How Little About Us Bin Laden Changed

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When al Qaeda attacked the twin towers it hoped to paralyze our economic system as a way of undermining our way of living. As I struggled to make my way across Manhattan late on the morning of Sept. 11, 2001, it did seem as if our lives might never be the same. Everywhere around me, New York seemed exposed. Every truck and SUV parked along the curb might be a potential bomb waiting to go off, every bridge and tunnel a target.

In the days after, many people wondered if our economy could withstand the weight of the new war, and if New York was finished as a great city. A newspaper headline warned of "Vacant Rooms, Empty Tables, Scared Tourists." Another headline, "The Exodus," described businesses scrambling to leave Gotham. The City in London, another story explained, would become the new global home of finance.

But today, nearly a decade after 9-11 and just days after the agitator of the plot, Osama bin Laden, was dispatched, what is remarkable is how much less has changed than we anticipated it would. New York still has a giant ache in its heart for the nearly 3,000 who died, many of them heroically. Security lines are longer at airports. And there is a half-filled hole where the towers stood, as the government led-reconstruction effort has dragged on interminably while those in charge considered a host of screwy, impractical ideas before finally deciding to remake Ground Zero as a commercial center again.

But in a way that would have been completely unanticipated in those days following 9-11, the most important changes that have occurred in New York and in America in the past decade turn out not to be those spurred by jihad. In the last decade, two of New York's major investment banks have disappeared, but they weren't victims of terrorist attacks. The future of the New York Stock Exchange, once the hub of the city's financial industry, is in doubt, but because of challenges from competitors, not because of jihad. Washington gave far more in aid to buoy our financial system in 2008 and 2009 than it did in the aftermath of Sept. 11, 2001. And when we hear people talk about threats to the future of that system these days, they're more likely to be referring to Dodd-Frank than to the work of terrorists. How different the world is from that day in September of 2001.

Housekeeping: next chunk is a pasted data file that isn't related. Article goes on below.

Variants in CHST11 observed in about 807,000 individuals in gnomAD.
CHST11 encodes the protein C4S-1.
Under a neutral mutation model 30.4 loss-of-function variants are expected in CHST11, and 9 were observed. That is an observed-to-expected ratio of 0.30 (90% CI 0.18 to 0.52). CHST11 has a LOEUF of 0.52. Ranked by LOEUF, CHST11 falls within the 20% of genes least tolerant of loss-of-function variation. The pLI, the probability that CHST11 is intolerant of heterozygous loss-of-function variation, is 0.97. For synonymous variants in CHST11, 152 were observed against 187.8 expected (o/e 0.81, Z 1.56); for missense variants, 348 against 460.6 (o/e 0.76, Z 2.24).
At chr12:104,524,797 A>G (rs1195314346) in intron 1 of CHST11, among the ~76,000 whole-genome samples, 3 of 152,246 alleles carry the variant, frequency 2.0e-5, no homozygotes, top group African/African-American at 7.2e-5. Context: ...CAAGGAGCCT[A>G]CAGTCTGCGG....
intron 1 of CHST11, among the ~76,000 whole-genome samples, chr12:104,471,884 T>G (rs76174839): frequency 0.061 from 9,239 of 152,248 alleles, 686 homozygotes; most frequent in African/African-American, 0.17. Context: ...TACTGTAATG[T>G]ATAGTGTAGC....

Gotham is not quite in the peachy shape that Mayor Bloomberg suggested on Monday when he observed that "Bin Laden is dead and New York's spirit has never been stronger.' But it is a strange testament to the resilience of our way of life that 10 years later, we struggle more against the volatility of our own economy that the terrorists wanted to take apart than against an external threat.

The challenges seemed far more formidable back in the fall of 2001 than they do today. We expended enormous resources to confront those challenges. We fought two wars, costing thousands of good American lives. We invested in security, bolstered our anti-terrorism efforts, and spent money to make our financial systems redundant. A good deal of what we did actually paid off. That's why we're far less changed by bin Laden's war than he thought we'd be.

In the aftermath of 9-11 many of America's critics gloated that Islamic extremists would win the clash of civilizations because we had grown too complacent and loved life too much, while our enemies were willing to embrace death. Today, many of those enemies, including bin Laden, are dead. But we still hear that the age of America is over, only now it's because we're supposed to be too corrupt, or too greedy.

Startling events like 9-11 or a global financial meltdown often provoke apocalyptic predictions. Today, we awake and our way of life has changed remarkably little. And bin Laden is gone.

Steven Malanga is an editor for RealClearMarkets and a senior fellow at the Manhattan Institute

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